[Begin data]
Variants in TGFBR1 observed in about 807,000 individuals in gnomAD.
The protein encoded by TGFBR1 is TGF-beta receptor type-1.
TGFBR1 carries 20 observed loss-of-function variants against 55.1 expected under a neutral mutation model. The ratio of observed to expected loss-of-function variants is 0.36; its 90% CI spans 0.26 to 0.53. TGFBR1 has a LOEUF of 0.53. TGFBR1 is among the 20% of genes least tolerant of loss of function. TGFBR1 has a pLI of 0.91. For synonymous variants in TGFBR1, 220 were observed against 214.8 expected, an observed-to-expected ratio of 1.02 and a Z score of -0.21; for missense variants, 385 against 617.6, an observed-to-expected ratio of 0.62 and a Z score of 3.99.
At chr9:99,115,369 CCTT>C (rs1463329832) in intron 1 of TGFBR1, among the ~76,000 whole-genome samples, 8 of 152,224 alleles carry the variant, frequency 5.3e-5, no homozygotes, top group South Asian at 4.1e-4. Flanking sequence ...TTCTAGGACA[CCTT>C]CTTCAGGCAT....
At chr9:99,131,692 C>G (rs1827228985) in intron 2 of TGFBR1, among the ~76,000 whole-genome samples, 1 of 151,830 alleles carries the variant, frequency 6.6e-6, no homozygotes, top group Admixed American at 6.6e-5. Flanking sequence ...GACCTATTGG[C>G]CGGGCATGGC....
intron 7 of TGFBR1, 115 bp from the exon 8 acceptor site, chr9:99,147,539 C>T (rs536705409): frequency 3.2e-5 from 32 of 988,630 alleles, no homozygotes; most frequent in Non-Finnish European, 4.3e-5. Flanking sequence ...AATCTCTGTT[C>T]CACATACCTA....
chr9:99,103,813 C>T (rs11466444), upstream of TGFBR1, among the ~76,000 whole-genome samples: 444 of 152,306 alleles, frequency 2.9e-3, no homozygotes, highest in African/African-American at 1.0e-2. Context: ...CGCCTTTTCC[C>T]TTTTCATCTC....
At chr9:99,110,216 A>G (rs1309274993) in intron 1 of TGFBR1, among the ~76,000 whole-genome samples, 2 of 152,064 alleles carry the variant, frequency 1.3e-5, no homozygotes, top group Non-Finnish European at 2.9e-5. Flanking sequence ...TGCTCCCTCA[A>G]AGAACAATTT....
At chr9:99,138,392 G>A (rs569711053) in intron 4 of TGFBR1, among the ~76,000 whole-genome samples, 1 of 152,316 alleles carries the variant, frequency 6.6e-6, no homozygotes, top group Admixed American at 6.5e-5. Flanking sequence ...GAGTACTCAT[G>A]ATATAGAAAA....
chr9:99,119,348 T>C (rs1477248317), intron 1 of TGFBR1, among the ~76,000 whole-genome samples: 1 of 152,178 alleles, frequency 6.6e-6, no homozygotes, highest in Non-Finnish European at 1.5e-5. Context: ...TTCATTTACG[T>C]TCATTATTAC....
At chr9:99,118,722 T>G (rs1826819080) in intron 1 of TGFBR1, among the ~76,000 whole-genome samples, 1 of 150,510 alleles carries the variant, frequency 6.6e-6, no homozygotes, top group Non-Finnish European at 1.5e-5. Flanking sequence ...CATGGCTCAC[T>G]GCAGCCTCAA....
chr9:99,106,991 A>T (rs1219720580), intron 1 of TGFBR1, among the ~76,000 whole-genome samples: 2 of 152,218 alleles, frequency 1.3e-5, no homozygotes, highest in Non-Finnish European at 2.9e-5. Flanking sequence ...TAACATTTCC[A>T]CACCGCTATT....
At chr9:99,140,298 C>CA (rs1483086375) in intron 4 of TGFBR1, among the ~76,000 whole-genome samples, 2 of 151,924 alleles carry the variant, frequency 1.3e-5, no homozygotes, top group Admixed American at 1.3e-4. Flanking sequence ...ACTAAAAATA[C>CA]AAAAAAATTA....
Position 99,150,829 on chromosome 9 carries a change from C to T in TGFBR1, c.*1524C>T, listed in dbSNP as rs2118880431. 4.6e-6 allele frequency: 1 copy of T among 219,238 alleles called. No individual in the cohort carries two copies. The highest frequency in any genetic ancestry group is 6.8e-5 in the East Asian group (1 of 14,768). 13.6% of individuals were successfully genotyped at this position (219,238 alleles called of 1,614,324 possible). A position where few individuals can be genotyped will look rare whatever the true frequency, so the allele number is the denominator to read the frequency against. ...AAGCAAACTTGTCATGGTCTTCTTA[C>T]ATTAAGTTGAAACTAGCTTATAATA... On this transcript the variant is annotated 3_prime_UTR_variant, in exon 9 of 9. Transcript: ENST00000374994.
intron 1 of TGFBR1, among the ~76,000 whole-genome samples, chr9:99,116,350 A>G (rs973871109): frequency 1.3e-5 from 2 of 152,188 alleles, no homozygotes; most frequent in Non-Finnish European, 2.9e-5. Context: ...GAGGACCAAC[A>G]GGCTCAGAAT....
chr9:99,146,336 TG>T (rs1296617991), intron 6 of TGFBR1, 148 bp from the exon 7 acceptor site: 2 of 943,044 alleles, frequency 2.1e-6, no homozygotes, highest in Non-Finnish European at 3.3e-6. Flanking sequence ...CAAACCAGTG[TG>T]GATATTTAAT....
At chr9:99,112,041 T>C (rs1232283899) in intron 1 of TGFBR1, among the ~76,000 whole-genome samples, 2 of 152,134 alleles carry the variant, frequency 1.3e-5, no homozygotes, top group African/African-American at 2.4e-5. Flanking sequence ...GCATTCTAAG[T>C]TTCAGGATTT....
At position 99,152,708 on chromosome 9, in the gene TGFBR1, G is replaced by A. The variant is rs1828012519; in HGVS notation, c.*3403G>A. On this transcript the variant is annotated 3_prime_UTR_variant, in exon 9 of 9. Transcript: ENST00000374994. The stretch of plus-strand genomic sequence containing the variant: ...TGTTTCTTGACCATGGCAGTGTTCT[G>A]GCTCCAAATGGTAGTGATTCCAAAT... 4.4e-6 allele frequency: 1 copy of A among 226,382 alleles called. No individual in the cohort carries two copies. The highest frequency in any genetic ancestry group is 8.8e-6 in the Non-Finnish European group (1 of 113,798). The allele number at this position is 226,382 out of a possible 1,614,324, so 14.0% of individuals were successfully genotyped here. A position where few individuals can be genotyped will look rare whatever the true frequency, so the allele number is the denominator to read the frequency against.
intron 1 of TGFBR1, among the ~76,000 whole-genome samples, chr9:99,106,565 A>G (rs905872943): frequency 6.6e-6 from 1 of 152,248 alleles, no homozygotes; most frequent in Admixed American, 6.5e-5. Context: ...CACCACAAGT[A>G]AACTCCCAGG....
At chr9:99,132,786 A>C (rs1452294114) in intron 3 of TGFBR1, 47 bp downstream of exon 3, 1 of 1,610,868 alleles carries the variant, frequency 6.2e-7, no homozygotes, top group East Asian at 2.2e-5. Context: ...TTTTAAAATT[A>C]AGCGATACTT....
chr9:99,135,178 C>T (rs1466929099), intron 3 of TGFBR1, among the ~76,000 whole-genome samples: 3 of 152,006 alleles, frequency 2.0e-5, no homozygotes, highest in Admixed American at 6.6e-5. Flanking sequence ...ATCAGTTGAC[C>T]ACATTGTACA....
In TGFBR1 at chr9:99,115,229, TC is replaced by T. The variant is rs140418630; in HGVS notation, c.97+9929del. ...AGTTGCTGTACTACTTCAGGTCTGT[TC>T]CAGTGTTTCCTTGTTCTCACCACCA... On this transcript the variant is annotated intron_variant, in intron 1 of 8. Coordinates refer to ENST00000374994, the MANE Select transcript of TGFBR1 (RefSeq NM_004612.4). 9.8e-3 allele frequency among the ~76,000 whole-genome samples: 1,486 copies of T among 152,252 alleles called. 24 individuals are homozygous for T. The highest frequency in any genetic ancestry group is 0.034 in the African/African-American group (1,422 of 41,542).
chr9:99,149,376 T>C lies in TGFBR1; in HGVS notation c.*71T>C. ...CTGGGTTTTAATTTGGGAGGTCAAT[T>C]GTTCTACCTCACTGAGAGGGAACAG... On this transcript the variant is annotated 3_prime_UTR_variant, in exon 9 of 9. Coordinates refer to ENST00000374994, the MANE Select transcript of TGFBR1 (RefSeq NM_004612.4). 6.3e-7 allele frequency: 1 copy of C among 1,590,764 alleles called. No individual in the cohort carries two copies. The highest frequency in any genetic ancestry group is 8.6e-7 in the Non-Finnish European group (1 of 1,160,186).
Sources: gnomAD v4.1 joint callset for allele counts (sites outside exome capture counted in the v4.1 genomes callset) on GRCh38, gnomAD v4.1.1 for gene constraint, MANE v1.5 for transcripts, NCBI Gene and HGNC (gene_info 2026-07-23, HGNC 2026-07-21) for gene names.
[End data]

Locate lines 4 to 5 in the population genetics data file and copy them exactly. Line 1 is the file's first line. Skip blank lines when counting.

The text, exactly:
At chr9:99,115,369 CCTT>C (rs1463329832) in intron 1 of TGFBR1, among the ~76,000 whole-genome samples, 8 of 152,224 alleles carry the variant, frequency 5.3e-5, no homozygotes, top group South Asian at 4.1e-4. Flanking sequence ...TTCTAGGACA[CCTT>C]CTTCAGGCAT....
At chr9:99,131,692 C>G (rs1827228985) in intron 2 of TGFBR1, among the ~76,000 whole-genome samples, 1 of 151,830 alleles carries the variant, frequency 6.6e-6, no homozygotes, top group Admixed American at 6.6e-5. Flanking sequence ...GACCTATTGG[C>G]CGGGCATGGC....